During the Futurescape City Tours, sponsored by the Center for Nanotechnology in Society, citizens engaged in an urban walking experience that involved observing, documenting and deliberating about the past, present and future of technology in the urban environment. Central to this experience was the use of photography as the place of work where the citizen-photographers created a visual language to grant meaning and structure to their experience and deliberations. Drawing on Barthe’s (1980) idea of semiology as a construction of meaning through the exploration and identification of systematic regularities of signs and objects, as well on Benjamin’s (1999) notion that there is no photography without discourse, this paper demonstrates what these individuals see as their relationship to their city as portrayed through photographic observations. This paper aims to empirically illustrate the uses and power of an image to mediate discourse and representations of technological change in the city. Further, it opens a scholarly conversation on role of visual cultures in the construction of the necessary capacities among individuals to critically reflect on their role as technological citizens toward better understanding pathways to sustainability. To do so, we conducted a visual ethnography of the participants’ photographic images and captions. By pushing the boundaries of photography beyond an artistic practice into the realm of public engagement, we demonstrate the ways in which “a camera is a tool for learning how to see without a camera,” as Dorothea Lange once stated.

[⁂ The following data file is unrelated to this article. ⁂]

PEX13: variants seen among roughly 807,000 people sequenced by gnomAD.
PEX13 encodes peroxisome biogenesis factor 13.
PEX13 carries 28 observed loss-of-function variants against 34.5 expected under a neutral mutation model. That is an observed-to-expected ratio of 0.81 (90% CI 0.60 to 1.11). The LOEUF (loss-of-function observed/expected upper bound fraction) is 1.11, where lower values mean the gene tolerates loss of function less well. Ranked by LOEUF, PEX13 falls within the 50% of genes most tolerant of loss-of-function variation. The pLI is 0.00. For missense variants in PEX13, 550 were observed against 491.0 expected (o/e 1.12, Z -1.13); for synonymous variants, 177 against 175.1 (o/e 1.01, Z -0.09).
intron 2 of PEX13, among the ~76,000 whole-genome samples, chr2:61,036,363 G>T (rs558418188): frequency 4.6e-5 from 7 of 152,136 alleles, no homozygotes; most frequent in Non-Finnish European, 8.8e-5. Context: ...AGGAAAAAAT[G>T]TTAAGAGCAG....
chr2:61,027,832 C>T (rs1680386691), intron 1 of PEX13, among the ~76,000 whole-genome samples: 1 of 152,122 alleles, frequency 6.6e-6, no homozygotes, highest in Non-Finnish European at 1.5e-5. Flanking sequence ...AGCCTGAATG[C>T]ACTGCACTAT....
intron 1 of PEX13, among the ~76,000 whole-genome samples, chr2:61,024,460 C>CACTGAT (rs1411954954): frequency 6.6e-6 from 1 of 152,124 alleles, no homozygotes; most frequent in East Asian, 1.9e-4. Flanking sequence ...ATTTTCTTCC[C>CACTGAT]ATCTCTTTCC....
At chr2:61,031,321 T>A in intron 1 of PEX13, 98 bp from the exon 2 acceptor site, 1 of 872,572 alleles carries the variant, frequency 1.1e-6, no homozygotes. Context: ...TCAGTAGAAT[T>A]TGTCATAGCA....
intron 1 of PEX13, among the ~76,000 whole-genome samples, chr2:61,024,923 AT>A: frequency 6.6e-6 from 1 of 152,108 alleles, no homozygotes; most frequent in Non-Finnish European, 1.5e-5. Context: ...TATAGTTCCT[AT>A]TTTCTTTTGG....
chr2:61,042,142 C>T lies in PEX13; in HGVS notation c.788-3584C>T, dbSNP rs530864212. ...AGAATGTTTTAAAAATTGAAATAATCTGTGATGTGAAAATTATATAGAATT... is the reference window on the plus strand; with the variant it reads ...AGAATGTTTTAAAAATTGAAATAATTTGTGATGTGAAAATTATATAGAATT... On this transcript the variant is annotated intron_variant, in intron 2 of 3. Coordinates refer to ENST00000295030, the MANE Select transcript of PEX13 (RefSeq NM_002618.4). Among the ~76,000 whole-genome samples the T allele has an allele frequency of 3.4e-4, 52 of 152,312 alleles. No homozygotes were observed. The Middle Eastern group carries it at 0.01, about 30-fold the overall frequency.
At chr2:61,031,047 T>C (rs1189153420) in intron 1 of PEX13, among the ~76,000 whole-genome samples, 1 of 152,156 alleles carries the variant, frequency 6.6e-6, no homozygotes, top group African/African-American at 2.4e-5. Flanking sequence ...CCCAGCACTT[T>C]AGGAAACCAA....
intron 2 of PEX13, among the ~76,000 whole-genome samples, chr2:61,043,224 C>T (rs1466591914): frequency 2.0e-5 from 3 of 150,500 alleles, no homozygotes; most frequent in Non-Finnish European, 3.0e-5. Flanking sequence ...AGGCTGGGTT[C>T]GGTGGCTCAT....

- Anticipatory governance
- Public engagement
ASJC Scopus subject areas
- Geography, Planning and Development
- Environmental Science(all)